A teenage girl's six-year-long battle for Canadian citizenship is finally over after Immigration Canada admitted it made a mistake and lost her approval due to a technical error.
The error was uncovered after CBC News ran a story on the plight of the 19-year-old and her B.C. family.
In an email to the CBC, Citizenship and Immigration Canada (CIC) said Erica Dipuo Barnes's citizenship was approved in 2013, but not entered into its global case management system due to a technical error.
Spokeswoman Nancy Caron said the error has been fixed and Barnes's citizenship papers are now on their way.
"We recognize that this has caused undue frustration. We apologize for the error and delay."
Barnes is both pleased and angry after the mistake made by Canadian officials in South Africa meant she could not work, study or even get medical care for the last year.
"I just think that is outrageous ... they're pretty much saying, 'Oh well,' like you can make up for it.
"But I'm actually glad," said Barnes, hugging her father, Vince Barnes. "It's a relief."
Immigration Minister Chris Alexander was in Vancouver Wednesday but did not want to talk about his staff's mistake.
"Anyone who has suffered because of an oversight of our staff, anyone who has suffered as a result of a mistake ... We will do everything in our power not to repeat those mistakes," said the minister.
"I'm always sorry to hear of mistakes that happened, or delays. Paperwork sometimes goes missing."
Barnes's father says no one from the immigration department has called or apologized to them.
"I'd actually like him [the minister] to physically apologize to Erica, because it's ... this young lady that has been put through hell."
Girl stuck in South Africa
Barnes was orphaned in South Africa at the age of seven after her father was killed in a robbery. She was adopted by family friends, Canadian Vince Barnes and his British wife, Ann.
The couple brought Barnes to Canada to live in Surrey, B.C., and applied to have her granted permanent residency status. When she was 13, she wanted to visit her grandmother back in South Africa.
Her adoptive mother, Ann Barnes, said she called Canada Immigration to see if her daughter could travel and was told it wouldn't be a problem.
CIC says Barnes shouldn't have left
But when Barnes's permanent residency card came through in 2008 while she was away in South Africa, her citizenship was denied because she wasn't in the country.
In its email, CIC explained that Barnes had applied for permanent residency on compassionate and humanitarian grounds from within Canada because "it would cause the applicant unusual or disproportionate hardship to apply for permanent residence from outside Canada."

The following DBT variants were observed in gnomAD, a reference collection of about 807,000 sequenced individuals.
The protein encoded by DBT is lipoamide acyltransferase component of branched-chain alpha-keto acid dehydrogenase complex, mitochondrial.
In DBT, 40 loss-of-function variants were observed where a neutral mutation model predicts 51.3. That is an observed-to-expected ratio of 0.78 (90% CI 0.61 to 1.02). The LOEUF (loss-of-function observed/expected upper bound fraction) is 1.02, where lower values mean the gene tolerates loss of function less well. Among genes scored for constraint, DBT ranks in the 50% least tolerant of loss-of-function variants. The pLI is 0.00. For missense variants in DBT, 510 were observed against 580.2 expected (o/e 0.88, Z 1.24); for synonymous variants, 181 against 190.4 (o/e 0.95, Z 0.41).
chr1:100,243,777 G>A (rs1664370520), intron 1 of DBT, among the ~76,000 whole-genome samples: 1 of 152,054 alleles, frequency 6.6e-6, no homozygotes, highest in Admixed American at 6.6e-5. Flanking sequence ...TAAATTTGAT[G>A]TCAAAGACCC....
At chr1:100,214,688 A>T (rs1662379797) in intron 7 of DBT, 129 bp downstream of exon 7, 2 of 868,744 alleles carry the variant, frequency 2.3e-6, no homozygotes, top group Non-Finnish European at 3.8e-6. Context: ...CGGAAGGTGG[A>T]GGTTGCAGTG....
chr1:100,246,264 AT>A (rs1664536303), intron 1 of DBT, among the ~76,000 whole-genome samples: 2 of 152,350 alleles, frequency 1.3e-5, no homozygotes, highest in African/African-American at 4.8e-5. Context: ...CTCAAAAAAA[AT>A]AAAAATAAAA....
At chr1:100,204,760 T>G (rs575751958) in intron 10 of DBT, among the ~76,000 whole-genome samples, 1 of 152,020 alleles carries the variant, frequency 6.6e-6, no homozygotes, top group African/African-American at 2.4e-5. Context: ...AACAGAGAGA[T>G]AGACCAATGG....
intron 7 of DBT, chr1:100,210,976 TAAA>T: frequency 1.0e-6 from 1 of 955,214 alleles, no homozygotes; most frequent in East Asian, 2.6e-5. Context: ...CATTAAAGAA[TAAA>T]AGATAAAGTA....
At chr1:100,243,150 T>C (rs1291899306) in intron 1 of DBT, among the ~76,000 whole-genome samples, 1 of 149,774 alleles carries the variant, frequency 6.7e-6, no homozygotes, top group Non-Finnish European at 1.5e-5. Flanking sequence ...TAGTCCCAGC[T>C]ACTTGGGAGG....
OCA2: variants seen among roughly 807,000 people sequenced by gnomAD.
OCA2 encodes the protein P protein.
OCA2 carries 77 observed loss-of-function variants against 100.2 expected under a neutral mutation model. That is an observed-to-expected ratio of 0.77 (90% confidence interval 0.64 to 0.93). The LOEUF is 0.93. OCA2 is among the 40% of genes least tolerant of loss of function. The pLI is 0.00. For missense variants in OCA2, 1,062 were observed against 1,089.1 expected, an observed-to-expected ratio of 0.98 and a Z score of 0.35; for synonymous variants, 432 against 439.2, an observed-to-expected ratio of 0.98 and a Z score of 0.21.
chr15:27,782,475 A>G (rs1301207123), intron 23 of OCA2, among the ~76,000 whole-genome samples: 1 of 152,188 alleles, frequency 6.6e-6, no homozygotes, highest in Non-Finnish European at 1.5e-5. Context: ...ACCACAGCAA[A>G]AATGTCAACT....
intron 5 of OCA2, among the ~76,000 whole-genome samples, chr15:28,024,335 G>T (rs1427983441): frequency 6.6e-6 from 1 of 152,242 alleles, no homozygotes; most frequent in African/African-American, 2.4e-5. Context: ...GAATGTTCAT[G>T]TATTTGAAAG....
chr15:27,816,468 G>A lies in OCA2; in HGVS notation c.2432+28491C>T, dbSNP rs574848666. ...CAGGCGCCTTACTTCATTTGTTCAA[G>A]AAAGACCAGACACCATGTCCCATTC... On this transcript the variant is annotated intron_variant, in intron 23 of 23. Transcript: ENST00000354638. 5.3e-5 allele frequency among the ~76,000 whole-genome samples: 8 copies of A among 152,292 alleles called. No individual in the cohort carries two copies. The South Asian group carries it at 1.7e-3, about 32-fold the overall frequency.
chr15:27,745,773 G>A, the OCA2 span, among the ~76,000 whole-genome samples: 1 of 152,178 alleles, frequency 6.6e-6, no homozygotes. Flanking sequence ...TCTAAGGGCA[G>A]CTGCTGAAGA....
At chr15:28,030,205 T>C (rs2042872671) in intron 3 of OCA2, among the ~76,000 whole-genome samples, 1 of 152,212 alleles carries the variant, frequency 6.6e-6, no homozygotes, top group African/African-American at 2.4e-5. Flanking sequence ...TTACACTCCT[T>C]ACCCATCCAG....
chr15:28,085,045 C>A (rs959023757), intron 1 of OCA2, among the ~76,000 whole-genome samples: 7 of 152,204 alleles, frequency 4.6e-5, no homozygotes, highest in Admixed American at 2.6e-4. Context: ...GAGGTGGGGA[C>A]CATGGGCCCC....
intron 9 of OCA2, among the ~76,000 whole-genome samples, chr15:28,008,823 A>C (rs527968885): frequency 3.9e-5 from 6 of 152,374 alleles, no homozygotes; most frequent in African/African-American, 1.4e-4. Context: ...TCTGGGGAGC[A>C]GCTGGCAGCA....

When Barnes returned to South Africa, the CIC's Caron said she no longer met the criteria and that's why in August 2008 her application was refused.
For five years, Barnes was stuck in South Africa, couch surfing with family and friends, at times going hungry and on the street.
But two years ago, Barnes's adoptive mother called the Canadian Embassy and spoke to an official who informed her that being adopted by a Canadian actually entitled her daughter to citizenship.
The couple applied immediately and last August, Barnes got a one-time visa and was on the next flight back to Canada.
Barnes's adoptive parents also received a letter from the Canadian High Commission in South Africa saying their daughter had been granted Canadian citizenship.
But a year later the family, having received no papers from the government, were again left wondering. When CBC interviewed Erica for this story, she broke down in tears over the uncertainty of her situation.
However, following our story, CIC discovered a technical error had caused the approval to be lost for a year.
Barnes's papers are now on their way and the family is breathing a sigh of relief. Erica Barns is anxious to go to college and study nursing.
Barnes's father said bureaucrats have no idea the suffering their sloppy work can cause.
"Not including not being able to work or anything, Erica's got bad asthma and she's been in the hospital three times," he said.
The Barnes family will now be asking Canadian immigration officials to reimburse them the thousands of dollars they've spent on their daughter's medical bills over the last year — now that it's clear she was entitled to Canadian medical care all along.